UConn’s third national title solidified the fact that the Huskies were one of the best basketball programs in the country, but this year’s
UConn's third national title solidified the fact that the Huskies were one of the best basketball programs in the country, but this year's championship for Kevin Ollie's players puts them in the same conversation with some of the greatest teams in college basketball history. (Associated Press)

PITTSFIELD

The first title was shocking, the second surprising, the third amazing. So how do you describe the University of Connecticut men's basketball team's fourth NCAA championship in 15 years?

I've run out of adjectives.

UConn's third title in 2011 solidified the fact that the Huskies were one of the best basketball programs in the country, but this one puts them in the same conversation with some of the greatest teams in college basketball history.

They're right up there now with Duke, North Carolina, Kentucky, Kansas and UCLA. Wow. That's rarefied territory, college basketball's version of Mount Olympus. Here's an adjective to describe that feat: astounding!

Anyone even remotely familiar with UConn basketball before the late 1980s is lying if they tell you they saw this coming. UConn has a long proud basketball tradition, but even the most ardent Huskies boosters never expected anything like this after Jim Calhoun was hired as coach in 1986.

My guess is they would have settled for a team that would be competitive every year in the Big East Conference, qualify for the NCAA tournament on a regular basis, and maybe advance a couple of rounds once in awhile.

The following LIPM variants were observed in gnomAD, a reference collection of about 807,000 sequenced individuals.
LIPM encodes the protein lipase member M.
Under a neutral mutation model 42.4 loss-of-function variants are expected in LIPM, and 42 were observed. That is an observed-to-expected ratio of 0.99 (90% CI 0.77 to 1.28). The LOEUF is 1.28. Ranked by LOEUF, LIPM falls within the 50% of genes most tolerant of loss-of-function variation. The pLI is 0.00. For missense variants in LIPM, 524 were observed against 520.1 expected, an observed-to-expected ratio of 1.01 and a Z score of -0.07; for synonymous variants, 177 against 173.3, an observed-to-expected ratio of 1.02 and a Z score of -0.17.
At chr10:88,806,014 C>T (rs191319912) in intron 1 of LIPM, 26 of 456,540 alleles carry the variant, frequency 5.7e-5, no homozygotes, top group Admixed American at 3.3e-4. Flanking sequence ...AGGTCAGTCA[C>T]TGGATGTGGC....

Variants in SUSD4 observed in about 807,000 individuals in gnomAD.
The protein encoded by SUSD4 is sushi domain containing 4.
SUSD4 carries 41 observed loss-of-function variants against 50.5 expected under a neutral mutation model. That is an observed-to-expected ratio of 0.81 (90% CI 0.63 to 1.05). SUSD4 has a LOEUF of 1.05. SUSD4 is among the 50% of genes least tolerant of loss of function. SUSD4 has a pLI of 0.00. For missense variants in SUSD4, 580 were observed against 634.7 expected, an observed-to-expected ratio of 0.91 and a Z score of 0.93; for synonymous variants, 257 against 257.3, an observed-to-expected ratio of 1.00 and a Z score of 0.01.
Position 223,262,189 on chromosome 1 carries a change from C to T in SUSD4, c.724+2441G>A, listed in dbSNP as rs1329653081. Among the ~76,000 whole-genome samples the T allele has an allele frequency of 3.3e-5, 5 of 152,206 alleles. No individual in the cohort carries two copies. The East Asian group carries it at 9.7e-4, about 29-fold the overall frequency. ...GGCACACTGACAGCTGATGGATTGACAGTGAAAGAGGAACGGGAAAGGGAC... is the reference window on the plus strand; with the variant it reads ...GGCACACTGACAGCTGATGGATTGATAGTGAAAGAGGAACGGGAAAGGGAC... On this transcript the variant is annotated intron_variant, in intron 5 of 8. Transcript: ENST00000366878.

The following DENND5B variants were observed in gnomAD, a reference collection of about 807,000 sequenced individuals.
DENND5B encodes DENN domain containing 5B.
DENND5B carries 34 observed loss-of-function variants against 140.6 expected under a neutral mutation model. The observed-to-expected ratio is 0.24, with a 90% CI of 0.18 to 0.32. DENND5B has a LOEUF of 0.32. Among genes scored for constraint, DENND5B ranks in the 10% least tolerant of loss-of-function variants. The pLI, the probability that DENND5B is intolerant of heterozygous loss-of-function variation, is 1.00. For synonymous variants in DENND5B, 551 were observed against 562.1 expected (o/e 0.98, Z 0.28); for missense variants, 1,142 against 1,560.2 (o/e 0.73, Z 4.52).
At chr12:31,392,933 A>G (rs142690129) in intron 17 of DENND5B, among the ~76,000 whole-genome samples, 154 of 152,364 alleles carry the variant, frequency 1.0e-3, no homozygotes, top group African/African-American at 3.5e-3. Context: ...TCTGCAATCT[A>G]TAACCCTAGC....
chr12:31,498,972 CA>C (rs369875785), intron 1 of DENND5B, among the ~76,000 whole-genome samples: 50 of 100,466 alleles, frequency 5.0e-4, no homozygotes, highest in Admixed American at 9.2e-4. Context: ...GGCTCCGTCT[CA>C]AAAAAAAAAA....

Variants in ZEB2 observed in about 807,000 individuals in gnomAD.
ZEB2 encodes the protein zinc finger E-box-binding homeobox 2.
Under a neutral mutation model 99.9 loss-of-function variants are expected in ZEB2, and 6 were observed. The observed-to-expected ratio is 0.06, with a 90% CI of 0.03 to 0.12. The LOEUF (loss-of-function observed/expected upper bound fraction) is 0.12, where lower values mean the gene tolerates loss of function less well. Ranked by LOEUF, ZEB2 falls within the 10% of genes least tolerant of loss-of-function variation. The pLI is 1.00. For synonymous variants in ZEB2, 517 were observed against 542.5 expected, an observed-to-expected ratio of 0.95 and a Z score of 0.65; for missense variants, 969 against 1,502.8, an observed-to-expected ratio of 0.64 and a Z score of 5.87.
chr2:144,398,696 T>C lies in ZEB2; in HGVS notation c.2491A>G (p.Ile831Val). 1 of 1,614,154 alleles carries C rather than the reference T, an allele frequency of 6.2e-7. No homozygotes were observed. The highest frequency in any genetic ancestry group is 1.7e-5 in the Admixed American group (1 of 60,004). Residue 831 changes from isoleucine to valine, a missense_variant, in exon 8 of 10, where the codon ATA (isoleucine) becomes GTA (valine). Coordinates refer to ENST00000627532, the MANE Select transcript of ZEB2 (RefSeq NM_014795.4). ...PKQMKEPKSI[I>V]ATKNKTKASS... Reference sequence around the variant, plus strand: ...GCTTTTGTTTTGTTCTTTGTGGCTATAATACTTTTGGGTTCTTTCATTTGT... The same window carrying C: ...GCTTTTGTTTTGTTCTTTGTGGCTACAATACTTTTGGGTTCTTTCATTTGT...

National Championships? Not even on the radar screen. One title, maybe, after UConn became a national program. But two, three, or four, in a span of 15 seasons? No way.

Looking back from this perspective, it's almost impossible to believe how far UConn's program has come since the early 1980s.


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The only state college in the original Big East Conference, the Huskies under Calhoun's predecessor Dom Perno were the league's doormat year after year. They annually qualified for the eight/nine game in the Big East Tournament, the play-in game held to pair the nine team field down to an even eight, and lost it most of the time.

Regular season losses to teams like Georgetown and Syracuse under 20 points were considered moral victories. When Patrick Ewing played for Georgetown, the Hoyas' games with UConn were like scrimmages. You got to see a lot of future pros play against the Huskies when you went to UConn games back then, but not a lot of victories.

Unlike the other Big East schools back then, UConn didn't have an academic structure suitable for a big time basketball program, which meant that the Huskies' best players would frequently be declared academically ineligible during the second half of the season. There was talk that inner-city kids wouldn't go to UConn because it was located in small, bucolic Storrs, Conn., instead of the big cities inhabited by all their other league rivals. The players who started at UConn were frequently guys who'd been passed over by the Big East's marquee program's coming out of high school. Just the fact that Georgetown had looked at some of these guys made UConn fans think they must be pretty good.

With all the handicaps, there was serious talk about UConn dropping out of the Big East, even after Calhoun struggled to turn the program around in his first few years. Following a 40-point loss to Georgetown that I covered in the mid-1980s while working for a newspaper in Connecticut, I wrote that maybe the Huskies should try and find a league that at least they'd be competitive in. Shows you what I know. Should have stuck with hockey.

The loss came during one of Calhoun's first years as UConn's coach, and there's something else from that night that I never forgot. Georgetown coach John Thompson spent his post-game media session talking about how much better the Huskies were going to be with Calhoun as their coach. It might not be evident now, I remember Thompson saying, but give it some time and it will be.

He told us to be patient.

He was right.